Wall Street tumbles as tech gets slammed

Spencer Platt/Getty Images
  • Stocks fell Friday as a technology sell-off rattled global markets.
  • Wall Street had wiped out its gains for the year earlier this week, before beginning to recover Thursday.
  • Follow the US indices in real time here.

US stocks tumbled Friday as a technology rout rattled markets around the world, days after concerns about rising rates and the prospect of slowing global economic growth had wiped out Wall Street’s gains for the year.

The Dow Jones Industrial Average fell about 1%, or more than 200 points. The Nasdaq Composite shed 2.2%, and the S&P 500 was down 1.4%.

High-flying technology companies were taking the biggest hits after posting disappointing earnings. Amazon‘s revenue fell short of expectations and its fourth-quarter guidance disappointed, sending shares into a bear market, down more than 20% from their peak. Google parent company Alphabet beat on the bottom line, but also missed on revenue. Snap hit an all-time low after the company said it lost 2 million daily users.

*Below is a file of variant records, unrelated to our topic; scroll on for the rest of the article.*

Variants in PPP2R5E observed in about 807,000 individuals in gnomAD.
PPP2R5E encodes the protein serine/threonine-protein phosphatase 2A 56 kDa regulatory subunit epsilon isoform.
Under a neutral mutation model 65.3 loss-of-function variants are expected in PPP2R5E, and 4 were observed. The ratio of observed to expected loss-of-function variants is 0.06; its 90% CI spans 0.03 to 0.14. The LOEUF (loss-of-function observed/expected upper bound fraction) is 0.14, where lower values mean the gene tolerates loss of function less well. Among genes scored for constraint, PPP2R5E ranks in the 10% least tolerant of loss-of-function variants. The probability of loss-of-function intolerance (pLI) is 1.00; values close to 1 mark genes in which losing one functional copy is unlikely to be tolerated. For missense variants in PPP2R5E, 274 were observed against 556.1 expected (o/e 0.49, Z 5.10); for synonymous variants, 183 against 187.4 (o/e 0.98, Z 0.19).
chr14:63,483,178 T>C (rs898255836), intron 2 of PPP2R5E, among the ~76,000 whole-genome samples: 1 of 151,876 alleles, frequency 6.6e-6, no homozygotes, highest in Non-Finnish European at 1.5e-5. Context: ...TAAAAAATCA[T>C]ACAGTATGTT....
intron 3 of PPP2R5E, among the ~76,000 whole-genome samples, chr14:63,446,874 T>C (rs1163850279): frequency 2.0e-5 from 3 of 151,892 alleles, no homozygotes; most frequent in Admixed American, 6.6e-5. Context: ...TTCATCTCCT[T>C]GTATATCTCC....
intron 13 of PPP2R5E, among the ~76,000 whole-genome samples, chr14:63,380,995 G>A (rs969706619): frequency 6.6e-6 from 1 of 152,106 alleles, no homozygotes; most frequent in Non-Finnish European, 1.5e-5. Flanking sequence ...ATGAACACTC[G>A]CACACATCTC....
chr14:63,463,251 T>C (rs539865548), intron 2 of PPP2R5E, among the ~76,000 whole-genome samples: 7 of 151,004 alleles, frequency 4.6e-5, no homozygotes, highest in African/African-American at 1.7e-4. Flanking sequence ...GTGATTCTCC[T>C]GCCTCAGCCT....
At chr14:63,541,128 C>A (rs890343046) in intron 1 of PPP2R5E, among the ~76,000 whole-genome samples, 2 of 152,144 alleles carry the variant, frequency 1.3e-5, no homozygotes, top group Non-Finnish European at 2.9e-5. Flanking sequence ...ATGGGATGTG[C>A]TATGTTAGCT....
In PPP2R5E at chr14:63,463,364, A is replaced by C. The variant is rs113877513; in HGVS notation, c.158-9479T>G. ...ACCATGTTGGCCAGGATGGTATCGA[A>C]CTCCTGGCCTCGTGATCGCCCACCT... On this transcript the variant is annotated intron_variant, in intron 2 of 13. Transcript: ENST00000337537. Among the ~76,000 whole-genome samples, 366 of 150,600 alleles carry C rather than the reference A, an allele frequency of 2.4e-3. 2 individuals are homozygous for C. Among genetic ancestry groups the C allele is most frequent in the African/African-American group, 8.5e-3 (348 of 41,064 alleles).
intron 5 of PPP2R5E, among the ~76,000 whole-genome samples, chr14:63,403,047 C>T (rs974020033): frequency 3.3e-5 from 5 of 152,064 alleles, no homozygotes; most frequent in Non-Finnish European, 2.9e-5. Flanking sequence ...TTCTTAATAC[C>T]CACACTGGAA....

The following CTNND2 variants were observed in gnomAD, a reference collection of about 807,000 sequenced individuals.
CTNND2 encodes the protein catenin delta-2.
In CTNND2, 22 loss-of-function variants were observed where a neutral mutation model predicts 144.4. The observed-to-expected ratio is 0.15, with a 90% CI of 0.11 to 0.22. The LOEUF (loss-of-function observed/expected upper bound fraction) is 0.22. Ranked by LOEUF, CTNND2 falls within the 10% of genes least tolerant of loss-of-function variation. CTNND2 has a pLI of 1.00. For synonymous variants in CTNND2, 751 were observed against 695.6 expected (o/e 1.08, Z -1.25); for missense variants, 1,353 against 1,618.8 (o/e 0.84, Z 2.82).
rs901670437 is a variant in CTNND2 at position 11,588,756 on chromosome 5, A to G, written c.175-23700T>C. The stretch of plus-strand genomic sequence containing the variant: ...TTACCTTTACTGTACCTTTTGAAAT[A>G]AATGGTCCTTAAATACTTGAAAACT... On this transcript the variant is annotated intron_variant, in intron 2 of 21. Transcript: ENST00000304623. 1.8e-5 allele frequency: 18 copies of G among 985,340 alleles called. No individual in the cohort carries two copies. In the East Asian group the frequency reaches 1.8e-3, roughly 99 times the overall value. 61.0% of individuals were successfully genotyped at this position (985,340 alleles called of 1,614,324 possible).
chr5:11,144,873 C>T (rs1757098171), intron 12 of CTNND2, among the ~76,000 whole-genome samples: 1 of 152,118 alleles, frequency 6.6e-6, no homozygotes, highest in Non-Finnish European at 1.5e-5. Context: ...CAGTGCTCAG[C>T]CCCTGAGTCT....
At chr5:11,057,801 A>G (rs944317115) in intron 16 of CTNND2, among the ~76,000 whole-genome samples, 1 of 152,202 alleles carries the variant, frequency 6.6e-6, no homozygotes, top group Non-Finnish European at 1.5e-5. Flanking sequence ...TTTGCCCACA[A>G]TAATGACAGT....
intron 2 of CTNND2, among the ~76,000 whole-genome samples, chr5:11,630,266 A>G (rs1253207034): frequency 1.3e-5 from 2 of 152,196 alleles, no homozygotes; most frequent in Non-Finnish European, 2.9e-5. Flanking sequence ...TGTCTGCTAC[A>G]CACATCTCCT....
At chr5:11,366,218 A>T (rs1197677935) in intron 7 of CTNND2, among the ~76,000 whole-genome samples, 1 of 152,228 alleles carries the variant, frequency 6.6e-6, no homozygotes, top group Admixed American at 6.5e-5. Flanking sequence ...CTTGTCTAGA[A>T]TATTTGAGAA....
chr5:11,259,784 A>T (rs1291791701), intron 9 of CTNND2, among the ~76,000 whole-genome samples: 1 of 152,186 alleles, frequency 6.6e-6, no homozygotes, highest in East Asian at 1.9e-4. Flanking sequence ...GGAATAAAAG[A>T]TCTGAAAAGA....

“While a lot of the recent sell-off (and headlines) have been dominated by tech, the sell-off has been very broad-based in nature,” Scott Buchta, head of fixed income strategy at Brean Capital, wrote in an email.

“Although this morning’s GDP report may help bring some near-term calm to the markets, we expect to see intraday volatility remain elevated due to the technical nature of the markets (driven largely by algos).”

Before the open, the Commerce Department said the US economy grew in July through September at a slightly slower pace than a blockbuster expansion earlier in the year, marking the best back-to-back quarters since 2014. With strong consumer spending offsetting weaker investment and exports, gross domestic product rose at a seasonally adjusted 3.5% in the third-quarter.

“In one line: Strong GDP growth hides soft capex and massive trade deterioration,” said Ian Shepherdson, chief economist at Pantheon Macroeconomics.

Investors moved to the relative safety of US government bonds, which move inversely to yields, with the 10-year falling 4.7 basis points to 3.089%, its lowest in three weeks. Meanwhile, the dollar climbed to its highest levels since 2017 against a basket of peers. The Chinese yuan fell to 6.9641 against the greenback, flirting with its weakest point in nearly a decade.

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